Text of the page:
Sag Harbor Sale Has Shopkeepers on Edge

The properties were listed with an asking price of just under $12 million
Annie Kim, the owner of the Scarlett Rose salon, hopes her business can remain in its Division Street location despite the sale of the property. David E. Rattray Photos

The recent sale of a group of commercial and residential properties on Main Street in Sag Harbor has left the shopkeepers who lease space in the buildings worried about being priced out of business by rising rents. 

The assemblage of three contiguous properties, which was listed with Saunders and Associates in April, contains six retail stores, including the Country Lane gift shop and the Ethel and Rowe children’s store, both located on Main Street, and two single-family residences on Division Street, one of which houses the Scarlett Rose salon. It includes four second-floor apartments or office spaces with a shared roof deck, and a vacant lot on Washington Street that can be developed for commercial use. 

The seller, Julia Hyman, who has owned the properties for decades, listed them with an asking price of just under $12 million. They are now in contract to be purchased by Manhattan Skyline Management, a division of a New York City real estate development firm owned by Donald Zucker. Mr. Zucker’s portfolio of East End properties includes 7 Main Street in Sag Harbor, the site of Provisions Natural Food Market and Cafe, and the East Hampton movie theater building. Joshua Roth, a vice president at the company, said that he expected the sale to close in November. 

The pending transfer in ownership has frustrated shopkeepers, who have not had the chance to discuss the status of their leases with their future landlord. “I don’t even know if I’ll have the opportunity to stick around. I know nothing,” said Vanessa Hamer, who opened Ethel and Rowe nearly two years ago. Her business is currently at a standstill, she said, because she is unable to place most of her merchandise orders until she knows what the future holds. “I needed to have ordered stuff a month ago to be able to get my merchandise in for next spring and summer,” she said. “Some vendors have been willing to work with me, in case I can’t actually take those orders, but other vendors have not.”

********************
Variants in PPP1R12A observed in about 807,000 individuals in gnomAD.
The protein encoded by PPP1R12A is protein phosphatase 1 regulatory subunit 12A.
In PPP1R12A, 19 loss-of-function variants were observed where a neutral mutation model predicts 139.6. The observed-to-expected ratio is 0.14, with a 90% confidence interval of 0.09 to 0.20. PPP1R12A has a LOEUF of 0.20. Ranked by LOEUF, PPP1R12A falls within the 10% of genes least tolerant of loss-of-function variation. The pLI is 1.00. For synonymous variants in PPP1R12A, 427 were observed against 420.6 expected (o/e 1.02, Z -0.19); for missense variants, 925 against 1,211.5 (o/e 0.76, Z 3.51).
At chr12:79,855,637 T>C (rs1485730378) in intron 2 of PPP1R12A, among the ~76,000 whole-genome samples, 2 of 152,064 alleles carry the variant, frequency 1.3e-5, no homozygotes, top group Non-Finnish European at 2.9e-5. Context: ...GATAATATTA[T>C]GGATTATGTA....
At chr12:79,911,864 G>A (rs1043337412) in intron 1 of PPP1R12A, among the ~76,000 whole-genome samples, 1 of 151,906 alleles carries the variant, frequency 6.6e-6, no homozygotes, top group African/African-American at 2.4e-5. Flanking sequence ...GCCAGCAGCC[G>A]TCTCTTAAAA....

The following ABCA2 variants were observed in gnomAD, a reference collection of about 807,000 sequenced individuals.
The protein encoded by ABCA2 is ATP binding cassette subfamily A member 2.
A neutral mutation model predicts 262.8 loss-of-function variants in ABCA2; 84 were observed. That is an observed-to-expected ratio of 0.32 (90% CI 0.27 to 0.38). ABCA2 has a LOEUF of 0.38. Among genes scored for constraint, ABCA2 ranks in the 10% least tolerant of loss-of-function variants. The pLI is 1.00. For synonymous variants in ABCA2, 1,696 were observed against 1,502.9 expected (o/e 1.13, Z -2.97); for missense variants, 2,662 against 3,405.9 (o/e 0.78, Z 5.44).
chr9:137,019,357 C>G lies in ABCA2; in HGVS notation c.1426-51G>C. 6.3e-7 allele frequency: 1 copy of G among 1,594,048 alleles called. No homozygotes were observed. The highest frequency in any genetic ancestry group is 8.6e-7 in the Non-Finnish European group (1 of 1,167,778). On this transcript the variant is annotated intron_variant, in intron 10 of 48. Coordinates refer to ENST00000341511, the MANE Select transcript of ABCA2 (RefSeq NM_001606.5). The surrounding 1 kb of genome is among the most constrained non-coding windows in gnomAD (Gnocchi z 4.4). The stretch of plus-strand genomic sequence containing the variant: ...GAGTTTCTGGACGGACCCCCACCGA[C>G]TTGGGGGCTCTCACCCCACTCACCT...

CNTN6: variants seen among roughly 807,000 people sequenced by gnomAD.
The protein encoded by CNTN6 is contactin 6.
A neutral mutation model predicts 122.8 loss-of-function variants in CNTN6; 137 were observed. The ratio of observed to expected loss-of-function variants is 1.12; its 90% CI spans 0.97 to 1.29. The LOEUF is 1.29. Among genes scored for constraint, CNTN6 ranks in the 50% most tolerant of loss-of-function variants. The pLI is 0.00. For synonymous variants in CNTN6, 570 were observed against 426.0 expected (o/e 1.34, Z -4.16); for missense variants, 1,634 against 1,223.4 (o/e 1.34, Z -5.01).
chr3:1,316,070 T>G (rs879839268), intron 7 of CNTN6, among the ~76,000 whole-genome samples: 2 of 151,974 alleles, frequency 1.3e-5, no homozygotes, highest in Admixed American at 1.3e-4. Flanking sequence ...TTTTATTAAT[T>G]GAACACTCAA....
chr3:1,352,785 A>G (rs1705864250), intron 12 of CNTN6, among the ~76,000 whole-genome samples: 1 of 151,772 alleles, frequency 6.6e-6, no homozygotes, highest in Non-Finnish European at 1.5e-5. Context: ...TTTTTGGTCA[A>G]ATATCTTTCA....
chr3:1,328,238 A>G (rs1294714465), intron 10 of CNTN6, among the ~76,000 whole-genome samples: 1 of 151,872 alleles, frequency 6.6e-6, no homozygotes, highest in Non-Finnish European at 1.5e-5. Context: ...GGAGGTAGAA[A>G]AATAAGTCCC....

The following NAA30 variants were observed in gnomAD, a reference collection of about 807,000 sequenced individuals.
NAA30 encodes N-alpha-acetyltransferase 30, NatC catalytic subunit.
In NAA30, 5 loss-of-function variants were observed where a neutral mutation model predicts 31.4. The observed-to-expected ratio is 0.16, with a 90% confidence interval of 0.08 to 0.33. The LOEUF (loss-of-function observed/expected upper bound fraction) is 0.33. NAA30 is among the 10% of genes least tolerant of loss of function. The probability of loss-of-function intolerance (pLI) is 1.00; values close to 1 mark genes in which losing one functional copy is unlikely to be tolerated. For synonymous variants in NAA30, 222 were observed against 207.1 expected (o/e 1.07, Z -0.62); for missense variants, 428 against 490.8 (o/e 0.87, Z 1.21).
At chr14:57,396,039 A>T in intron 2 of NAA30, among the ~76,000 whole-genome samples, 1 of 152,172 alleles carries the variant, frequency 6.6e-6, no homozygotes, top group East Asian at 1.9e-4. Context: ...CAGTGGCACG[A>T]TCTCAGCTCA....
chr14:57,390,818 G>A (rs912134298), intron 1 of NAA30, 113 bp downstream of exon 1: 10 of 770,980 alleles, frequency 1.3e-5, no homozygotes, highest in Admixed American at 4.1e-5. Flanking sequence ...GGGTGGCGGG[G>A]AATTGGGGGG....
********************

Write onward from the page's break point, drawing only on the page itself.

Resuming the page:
Mr. Roth said that his company will not officially own the properties until November, and is therefore not in a position to discuss lease terms.

Annie Kim, the owner of the Scarlett Rose salon, said she is worried about being able to find an alternate space for her business if her lease is not renewed or if the rent becomes too high. “We’ve been here for seven years now, and Sag Harbor is such a small town, there’s not many options,” she said.

The shopkeepers’ anxiety about the sale, said Ms. Hamer, is representative of a growing unease about whether rising rents will force many of Sag Harbor’s locally owned stores out of business. 

“Speaking with business owners who’ve been here longer than I have, they all seem distressed about what’s going to happen to Sag Harbor,” said Ms. Hamer. “Is it going to become like East Hampton and Southampton, all the rents will go up and only super corporate retail companies are going to be able to afford it?” 

That concern was echoed by Gwen Waddington, who with her mother, Nada Barry, owns the Wharf Shop, which is celebrating its 50th anniversary this year. “People love Sag Harbor because of the charm of the independent stores, many of which are operated by the owner,” said Ms. Waddington. “With the purchase of this large tract, we’re hoping that will not end, that they won’t raise the rents so high that individuals can’t afford it. I’m concerned that people are going to have a severe ending to their life’s work.”

The Sag Harbor properties, listed at just under $12 million, contain retail shops that front on Main Street.